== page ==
Grasmick touts school reforms She tells educators of gains at Patterson, Douglass

March 23, 1997|By Marilyn McCraven | Marilyn McCraven,SUN STAFF

State Superintendent Nancy S. Grasmick's telephone began "ringing off the hook" when it was announced that Baltimore's Patterson and Frederick Douglass high schools were candidates for a state takeover.

"One man said: 'I went to [Patterson]. I'm a multimillionaire. What you mean to say this school isn't achieving on behalf of the students?' " Grasmick said.

Now, almost four years later, "we see forward progress" at those schools thanks to school reform, Grasmick said.

Her remarks were made yesterday to about 200 people attending the annual conference of the Association for Supervision and Curriculum Development, an international group of educators, mostly school administrators, meeting in Baltimore for the first time.

Some 11,000 people are registered for the four-day conference that began yesterday at the Baltimore Convention Center, making it one of the largest annual meetings in the group's history, an organizer said.

School reform is a focus of the conference that includes workshops on issues from bilingual education to effective use of computers in the classroom.

The conference's workshops, lectures and other events fill a 400-page paperback book. Some of the conference sessions center on narrowly defined topics and others leave participants struggling for a definition.

For example, at a "town meeting" yesterday 30 educators could not reach consensus on how to interpret an ASCD national board statement on equity in education.

ASCD is a nonprofit group and does not have lobbyists to press its causes with political officials, said spokesman Susan Hlesciak Hall. However, ASCD officials may encourage members of local affiliates to contact government officials about concerns, she said.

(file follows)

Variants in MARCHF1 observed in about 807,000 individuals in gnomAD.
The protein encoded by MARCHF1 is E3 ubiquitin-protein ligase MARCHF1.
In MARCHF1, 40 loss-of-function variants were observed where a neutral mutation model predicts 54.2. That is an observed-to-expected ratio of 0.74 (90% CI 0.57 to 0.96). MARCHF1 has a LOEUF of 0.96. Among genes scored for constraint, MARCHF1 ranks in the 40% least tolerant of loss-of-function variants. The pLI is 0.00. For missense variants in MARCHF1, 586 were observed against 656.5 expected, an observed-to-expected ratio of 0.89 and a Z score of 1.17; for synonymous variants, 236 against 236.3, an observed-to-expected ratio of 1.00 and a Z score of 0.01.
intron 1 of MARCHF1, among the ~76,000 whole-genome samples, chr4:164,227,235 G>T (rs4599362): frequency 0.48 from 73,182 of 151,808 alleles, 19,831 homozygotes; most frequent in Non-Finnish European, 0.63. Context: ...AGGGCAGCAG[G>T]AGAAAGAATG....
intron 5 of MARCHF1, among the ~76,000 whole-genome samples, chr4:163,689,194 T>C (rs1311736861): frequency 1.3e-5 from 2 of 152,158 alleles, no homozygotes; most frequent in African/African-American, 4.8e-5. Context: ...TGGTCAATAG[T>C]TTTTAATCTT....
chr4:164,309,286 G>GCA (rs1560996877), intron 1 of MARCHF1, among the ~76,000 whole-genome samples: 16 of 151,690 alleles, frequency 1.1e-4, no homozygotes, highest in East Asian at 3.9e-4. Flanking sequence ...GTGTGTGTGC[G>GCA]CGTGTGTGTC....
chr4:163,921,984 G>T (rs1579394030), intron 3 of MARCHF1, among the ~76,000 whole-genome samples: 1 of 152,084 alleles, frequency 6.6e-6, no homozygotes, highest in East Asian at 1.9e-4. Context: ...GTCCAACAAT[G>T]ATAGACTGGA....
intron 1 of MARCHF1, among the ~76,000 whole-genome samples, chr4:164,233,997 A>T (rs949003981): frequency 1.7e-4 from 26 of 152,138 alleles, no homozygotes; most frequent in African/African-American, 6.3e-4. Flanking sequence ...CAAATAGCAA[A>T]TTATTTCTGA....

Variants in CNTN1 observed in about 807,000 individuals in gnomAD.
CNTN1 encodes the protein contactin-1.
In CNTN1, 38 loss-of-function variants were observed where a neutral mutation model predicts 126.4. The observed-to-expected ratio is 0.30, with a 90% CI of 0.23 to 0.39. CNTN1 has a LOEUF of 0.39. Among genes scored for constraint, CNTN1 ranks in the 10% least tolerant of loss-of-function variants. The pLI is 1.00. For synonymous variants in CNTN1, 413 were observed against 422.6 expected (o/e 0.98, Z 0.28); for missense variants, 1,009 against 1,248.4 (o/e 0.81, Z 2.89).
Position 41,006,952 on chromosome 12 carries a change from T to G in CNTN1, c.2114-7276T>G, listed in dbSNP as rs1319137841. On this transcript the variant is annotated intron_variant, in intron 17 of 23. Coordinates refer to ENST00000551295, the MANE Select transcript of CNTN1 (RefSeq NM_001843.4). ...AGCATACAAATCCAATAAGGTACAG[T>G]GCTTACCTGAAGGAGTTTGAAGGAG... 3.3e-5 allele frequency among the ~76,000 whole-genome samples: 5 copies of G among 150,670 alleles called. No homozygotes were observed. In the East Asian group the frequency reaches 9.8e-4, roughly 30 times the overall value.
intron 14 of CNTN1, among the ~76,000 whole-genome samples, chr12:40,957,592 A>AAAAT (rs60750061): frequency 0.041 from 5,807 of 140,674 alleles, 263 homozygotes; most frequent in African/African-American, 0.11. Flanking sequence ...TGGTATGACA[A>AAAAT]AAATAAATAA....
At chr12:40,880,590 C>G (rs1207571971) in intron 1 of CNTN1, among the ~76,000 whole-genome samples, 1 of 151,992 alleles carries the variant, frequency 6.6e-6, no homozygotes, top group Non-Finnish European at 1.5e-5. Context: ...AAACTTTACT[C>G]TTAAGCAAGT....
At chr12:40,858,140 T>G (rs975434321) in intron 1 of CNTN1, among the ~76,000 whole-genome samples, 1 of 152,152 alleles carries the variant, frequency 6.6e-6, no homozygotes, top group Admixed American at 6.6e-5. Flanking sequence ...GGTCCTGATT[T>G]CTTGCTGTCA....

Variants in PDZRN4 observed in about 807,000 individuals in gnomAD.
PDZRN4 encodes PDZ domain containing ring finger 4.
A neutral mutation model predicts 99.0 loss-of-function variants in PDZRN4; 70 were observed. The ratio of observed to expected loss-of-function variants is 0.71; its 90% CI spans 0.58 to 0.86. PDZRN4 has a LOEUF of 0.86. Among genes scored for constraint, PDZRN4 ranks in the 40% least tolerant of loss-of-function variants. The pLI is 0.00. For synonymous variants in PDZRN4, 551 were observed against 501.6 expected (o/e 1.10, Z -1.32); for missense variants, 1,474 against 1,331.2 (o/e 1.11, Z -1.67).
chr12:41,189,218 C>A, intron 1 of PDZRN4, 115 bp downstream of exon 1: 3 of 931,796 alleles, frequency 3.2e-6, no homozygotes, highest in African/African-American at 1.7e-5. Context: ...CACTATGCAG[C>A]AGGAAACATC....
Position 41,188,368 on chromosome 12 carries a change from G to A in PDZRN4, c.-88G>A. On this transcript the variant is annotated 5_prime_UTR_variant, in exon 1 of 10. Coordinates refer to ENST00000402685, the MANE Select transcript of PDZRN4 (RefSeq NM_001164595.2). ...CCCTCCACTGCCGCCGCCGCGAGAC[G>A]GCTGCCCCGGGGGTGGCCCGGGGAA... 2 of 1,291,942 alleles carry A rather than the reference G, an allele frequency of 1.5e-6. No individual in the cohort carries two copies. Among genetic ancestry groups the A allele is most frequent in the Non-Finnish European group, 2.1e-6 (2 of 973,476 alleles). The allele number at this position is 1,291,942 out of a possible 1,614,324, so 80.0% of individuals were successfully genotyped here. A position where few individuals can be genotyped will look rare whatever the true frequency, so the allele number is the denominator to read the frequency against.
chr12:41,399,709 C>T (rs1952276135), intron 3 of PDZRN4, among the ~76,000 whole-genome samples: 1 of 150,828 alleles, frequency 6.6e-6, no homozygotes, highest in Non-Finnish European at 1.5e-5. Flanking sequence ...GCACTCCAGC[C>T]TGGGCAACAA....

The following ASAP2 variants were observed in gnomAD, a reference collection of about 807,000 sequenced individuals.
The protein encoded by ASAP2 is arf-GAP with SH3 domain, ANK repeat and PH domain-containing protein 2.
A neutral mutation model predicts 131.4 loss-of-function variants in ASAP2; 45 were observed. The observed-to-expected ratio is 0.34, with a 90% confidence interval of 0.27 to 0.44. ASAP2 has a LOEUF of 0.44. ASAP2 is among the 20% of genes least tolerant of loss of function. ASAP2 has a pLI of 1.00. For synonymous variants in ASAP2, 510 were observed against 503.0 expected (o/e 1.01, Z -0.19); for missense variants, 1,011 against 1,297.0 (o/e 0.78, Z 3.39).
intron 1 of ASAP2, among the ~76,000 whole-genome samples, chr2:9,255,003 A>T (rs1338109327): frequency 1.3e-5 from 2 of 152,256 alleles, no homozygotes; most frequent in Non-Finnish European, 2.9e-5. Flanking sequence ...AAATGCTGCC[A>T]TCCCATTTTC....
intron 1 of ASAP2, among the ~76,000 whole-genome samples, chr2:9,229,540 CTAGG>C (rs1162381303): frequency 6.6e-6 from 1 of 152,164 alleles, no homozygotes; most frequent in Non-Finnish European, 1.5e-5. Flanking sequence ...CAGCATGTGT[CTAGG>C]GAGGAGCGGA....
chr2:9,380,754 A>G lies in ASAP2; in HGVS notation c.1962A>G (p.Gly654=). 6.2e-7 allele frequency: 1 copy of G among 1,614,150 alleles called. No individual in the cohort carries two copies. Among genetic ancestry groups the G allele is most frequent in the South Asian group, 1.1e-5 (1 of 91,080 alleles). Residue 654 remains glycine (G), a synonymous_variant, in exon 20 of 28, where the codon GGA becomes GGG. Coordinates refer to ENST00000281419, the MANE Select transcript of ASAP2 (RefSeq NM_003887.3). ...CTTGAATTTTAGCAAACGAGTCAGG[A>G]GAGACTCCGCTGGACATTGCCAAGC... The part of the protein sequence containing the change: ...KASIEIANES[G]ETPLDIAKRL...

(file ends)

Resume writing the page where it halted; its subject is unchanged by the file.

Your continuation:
Yesterday, Grasmick was characteristically blunt in detailing Douglass and Patterson's problems. "When 70 percent of the students who enter in ninth grade don't exit in 12th grade, you have a serious problem," she said.

She said influential alumni and others who initially called her to criticize reform plans were presented with details of alarming dropout rates, incompetent teachers and dismal attendance.

As a result of the state-ordered improvement plans, the city agreed to "reconstitute" Douglass and Patterson, making many staffing changes and creating separate academies focused on career and academic programs and other strategies to reverse decline.

Today, Grasmick said she is proud that reforms instituted in Maryland have resulted in more people finishing high school, better school attendance and improved performance on Standardized Assessment Tests.

"We are setting world-class standards," she said.

Pub Date: 3/23/97

Baltimore Sun Articles
Please note the green-lined linked article text has been applied commercially without any involvement from our newsroom editors, reporters or any other editorial staff.